After his marriage to Linda Emery (Linda Lee Cadwell today), Bruce Lee moved to Oakland, Califomia, to live with James Yimm Lee and his family. James Yimm Lee was a very good friend, and they had daily contact with each other during his stay in Oakland. Bruce Lee continued to make minor changes to his modified wing chun style (which he called Jun Fan gung fu out of respect for traditional wing chun and his sifu, Yip Man, in Hong Kong).

The well-known fight with Wong Jak Man is considered the turning point that led Bruce Lee to the development of jeet kune do. Until the Wong Jak Man encounter, Bruce Lee had been content with improvising and expanding on his original wing chun.

But after the altercation, Bruce Lee judged that the modified system had limited his performance. He concluded that a strict adherence to wing chun was too confining for him because it had very few long-range kicks. He also found that he had become quite tired after the fight. He therefore began to add new dimensions to his art. He searched for the best within himself. He also studied other fighting arts. From that research, he absorbed what was useful and rejected what was useless. This became the basis of jeet kune do at a higher level.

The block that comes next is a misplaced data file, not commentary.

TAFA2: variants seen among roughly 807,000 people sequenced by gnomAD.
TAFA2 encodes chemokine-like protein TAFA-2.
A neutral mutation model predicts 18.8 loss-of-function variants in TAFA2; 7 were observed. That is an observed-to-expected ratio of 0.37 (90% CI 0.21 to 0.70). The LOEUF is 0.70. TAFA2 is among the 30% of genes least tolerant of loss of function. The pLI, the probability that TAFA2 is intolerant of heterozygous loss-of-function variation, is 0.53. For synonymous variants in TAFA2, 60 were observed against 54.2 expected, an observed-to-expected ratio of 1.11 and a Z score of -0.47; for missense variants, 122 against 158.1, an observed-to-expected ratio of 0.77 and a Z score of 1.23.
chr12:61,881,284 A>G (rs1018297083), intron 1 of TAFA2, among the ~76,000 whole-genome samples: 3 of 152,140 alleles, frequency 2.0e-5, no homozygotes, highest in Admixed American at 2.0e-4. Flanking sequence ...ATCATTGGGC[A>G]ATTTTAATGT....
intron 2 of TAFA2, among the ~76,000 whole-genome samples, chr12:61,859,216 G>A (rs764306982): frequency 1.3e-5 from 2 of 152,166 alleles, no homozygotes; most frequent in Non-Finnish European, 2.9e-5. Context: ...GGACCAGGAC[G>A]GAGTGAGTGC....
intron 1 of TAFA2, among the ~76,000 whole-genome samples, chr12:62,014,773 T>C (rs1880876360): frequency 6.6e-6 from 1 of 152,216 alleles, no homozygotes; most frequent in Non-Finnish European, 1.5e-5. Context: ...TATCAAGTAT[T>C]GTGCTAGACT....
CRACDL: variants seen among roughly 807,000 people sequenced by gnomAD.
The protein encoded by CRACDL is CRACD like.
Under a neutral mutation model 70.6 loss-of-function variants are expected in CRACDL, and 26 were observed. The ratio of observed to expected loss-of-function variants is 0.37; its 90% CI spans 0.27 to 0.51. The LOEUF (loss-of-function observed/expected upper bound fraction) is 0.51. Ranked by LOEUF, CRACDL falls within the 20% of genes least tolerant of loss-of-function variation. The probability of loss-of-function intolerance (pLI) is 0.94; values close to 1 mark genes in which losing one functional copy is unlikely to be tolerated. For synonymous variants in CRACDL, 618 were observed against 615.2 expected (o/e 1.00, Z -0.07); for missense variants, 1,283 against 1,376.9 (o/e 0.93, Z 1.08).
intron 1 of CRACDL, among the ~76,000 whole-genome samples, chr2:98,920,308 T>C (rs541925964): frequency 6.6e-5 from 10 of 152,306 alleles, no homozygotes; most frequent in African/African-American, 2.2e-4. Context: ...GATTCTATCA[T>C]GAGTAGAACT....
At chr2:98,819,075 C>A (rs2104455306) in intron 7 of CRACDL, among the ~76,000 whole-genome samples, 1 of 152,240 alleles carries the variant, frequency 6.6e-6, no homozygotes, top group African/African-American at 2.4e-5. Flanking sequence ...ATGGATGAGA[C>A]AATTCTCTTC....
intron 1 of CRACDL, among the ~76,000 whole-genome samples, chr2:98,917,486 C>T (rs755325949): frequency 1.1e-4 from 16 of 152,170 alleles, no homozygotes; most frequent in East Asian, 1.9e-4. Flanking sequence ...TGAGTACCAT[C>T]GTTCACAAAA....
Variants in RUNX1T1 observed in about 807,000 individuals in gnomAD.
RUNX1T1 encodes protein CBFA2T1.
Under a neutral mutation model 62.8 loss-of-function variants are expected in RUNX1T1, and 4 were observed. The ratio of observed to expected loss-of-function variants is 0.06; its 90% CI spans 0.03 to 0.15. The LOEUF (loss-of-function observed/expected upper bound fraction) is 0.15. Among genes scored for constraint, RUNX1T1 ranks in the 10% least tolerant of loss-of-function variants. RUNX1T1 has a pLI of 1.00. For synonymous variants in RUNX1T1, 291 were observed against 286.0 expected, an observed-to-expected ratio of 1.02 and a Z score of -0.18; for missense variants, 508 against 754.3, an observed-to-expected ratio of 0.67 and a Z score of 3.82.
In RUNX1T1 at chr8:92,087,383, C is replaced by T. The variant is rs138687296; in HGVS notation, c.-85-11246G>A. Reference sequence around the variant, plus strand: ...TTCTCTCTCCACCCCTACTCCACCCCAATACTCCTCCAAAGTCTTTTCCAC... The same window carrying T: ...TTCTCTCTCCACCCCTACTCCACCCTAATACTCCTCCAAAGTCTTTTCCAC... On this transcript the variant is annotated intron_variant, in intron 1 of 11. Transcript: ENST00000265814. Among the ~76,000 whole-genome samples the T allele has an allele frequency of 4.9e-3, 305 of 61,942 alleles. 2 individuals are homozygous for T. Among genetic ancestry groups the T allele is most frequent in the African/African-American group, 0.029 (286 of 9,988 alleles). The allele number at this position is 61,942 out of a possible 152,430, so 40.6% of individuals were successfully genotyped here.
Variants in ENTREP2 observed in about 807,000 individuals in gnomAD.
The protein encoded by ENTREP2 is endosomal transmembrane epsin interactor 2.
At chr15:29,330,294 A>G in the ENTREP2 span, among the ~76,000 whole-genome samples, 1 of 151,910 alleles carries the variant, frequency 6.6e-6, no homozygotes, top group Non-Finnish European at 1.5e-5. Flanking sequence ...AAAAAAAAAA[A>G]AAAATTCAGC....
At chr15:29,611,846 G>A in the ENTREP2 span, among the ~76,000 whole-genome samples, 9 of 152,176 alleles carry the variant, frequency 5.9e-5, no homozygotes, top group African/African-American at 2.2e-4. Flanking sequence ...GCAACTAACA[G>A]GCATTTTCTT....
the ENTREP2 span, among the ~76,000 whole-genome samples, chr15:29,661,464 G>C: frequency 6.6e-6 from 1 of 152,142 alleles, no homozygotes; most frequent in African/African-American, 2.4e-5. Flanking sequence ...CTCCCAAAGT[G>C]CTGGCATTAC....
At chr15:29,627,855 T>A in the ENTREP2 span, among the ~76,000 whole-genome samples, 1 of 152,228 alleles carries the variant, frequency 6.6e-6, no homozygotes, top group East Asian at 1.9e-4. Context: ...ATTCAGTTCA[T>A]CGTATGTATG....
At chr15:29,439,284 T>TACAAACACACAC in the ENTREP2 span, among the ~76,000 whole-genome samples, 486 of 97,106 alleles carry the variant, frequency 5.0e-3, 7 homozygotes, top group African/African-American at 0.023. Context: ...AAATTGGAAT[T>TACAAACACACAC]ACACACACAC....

Bruce Lee in Los Angeles

Bruce Lee eventually moved to Los Angeles to be closer to the entertainment industry. At first, he trained only a few students behind a pharmacy in Chinatown. Among them was Dan Inosanto, circa 1967. It was the third of the Jun Fan Gung Fu Institutes — the first two being in Seattle and Oakland, respectively.


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By the time Bruce Lee came to Los Angeles, he had decided to scrap his modified wing chun (Jun Fan gung fu) and search out the roots of combat — to find the universal principles and concepts fundamental to all styles and systems. It was at this time that Bruce Lee emphasized wing chun less and less because of its perceived limitations.
To be continued in “Ted Wong and William Cheung on Wing Chun History and Jeet Kune Do Origins (Part 3).”